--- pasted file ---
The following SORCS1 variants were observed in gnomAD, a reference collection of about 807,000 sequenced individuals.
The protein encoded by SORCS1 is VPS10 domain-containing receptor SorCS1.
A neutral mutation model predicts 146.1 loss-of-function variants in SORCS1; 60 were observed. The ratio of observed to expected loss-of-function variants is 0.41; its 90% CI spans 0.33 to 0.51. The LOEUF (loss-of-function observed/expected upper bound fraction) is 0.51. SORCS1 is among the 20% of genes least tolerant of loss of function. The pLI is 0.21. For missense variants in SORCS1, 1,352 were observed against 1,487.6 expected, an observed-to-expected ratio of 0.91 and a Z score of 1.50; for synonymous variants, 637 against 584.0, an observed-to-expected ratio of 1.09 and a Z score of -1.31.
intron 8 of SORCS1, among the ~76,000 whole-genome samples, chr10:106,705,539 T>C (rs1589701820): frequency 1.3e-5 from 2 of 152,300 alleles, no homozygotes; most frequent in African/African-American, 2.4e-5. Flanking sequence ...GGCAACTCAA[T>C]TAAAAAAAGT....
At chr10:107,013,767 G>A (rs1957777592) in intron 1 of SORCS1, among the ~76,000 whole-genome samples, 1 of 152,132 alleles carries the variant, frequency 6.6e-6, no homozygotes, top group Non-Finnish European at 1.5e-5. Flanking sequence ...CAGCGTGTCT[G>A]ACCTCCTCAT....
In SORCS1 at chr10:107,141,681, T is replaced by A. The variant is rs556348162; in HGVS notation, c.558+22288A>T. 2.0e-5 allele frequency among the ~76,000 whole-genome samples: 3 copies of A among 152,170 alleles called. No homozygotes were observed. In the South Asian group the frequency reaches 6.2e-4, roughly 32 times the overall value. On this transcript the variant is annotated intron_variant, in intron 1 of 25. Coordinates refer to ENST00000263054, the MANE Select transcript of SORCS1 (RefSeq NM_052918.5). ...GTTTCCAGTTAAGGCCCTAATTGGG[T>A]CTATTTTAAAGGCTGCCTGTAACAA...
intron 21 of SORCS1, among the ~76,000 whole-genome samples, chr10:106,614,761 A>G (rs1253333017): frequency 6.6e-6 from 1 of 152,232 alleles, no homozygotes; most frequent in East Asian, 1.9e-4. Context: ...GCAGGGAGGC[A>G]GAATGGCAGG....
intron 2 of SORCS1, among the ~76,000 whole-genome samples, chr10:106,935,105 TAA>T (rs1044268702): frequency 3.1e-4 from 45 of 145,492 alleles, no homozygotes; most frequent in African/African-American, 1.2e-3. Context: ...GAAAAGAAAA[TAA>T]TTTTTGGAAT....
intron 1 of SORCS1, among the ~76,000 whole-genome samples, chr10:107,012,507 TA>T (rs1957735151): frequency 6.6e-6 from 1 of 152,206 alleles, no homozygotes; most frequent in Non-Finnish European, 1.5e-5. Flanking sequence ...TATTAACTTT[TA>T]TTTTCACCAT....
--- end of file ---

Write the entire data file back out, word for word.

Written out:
The following SORCS1 variants were observed in gnomAD, a reference collection of about 807,000 sequenced individuals.
The protein encoded by SORCS1 is VPS10 domain-containing receptor SorCS1.
A neutral mutation model predicts 146.1 loss-of-function variants in SORCS1; 60 were observed. The ratio of observed to expected loss-of-function variants is 0.41; its 90% CI spans 0.33 to 0.51. The LOEUF (loss-of-function observed/expected upper bound fraction) is 0.51. SORCS1 is among the 20% of genes least tolerant of loss of function. The pLI is 0.21. For missense variants in SORCS1, 1,352 were observed against 1,487.6 expected, an observed-to-expected ratio of 0.91 and a Z score of 1.50; for synonymous variants, 637 against 584.0, an observed-to-expected ratio of 1.09 and a Z score of -1.31.
intron 8 of SORCS1, among the ~76,000 whole-genome samples, chr10:106,705,539 T>C (rs1589701820): frequency 1.3e-5 from 2 of 152,300 alleles, no homozygotes; most frequent in African/African-American, 2.4e-5. Flanking sequence ...GGCAACTCAA[T>C]TAAAAAAAGT....
At chr10:107,013,767 G>A (rs1957777592) in intron 1 of SORCS1, among the ~76,000 whole-genome samples, 1 of 152,132 alleles carries the variant, frequency 6.6e-6, no homozygotes, top group Non-Finnish European at 1.5e-5. Flanking sequence ...CAGCGTGTCT[G>A]ACCTCCTCAT....
In SORCS1 at chr10:107,141,681, T is replaced by A. The variant is rs556348162; in HGVS notation, c.558+22288A>T. 2.0e-5 allele frequency among the ~76,000 whole-genome samples: 3 copies of A among 152,170 alleles called. No homozygotes were observed. In the South Asian group the frequency reaches 6.2e-4, roughly 32 times the overall value. On this transcript the variant is annotated intron_variant, in intron 1 of 25. Coordinates refer to ENST00000263054, the MANE Select transcript of SORCS1 (RefSeq NM_052918.5). ...GTTTCCAGTTAAGGCCCTAATTGGG[T>A]CTATTTTAAAGGCTGCCTGTAACAA...
intron 21 of SORCS1, among the ~76,000 whole-genome samples, chr10:106,614,761 A>G (rs1253333017): frequency 6.6e-6 from 1 of 152,232 alleles, no homozygotes; most frequent in East Asian, 1.9e-4. Context: ...GCAGGGAGGC[A>G]GAATGGCAGG....
intron 2 of SORCS1, among the ~76,000 whole-genome samples, chr10:106,935,105 TAA>T (rs1044268702): frequency 3.1e-4 from 45 of 145,492 alleles, no homozygotes; most frequent in African/African-American, 1.2e-3. Context: ...GAAAAGAAAA[TAA>T]TTTTTGGAAT....
intron 1 of SORCS1, among the ~76,000 whole-genome samples, chr10:107,012,507 TA>T (rs1957735151): frequency 6.6e-6 from 1 of 152,206 alleles, no homozygotes; most frequent in Non-Finnish European, 1.5e-5. Flanking sequence ...TATTAACTTT[TA>T]TTTTCACCAT....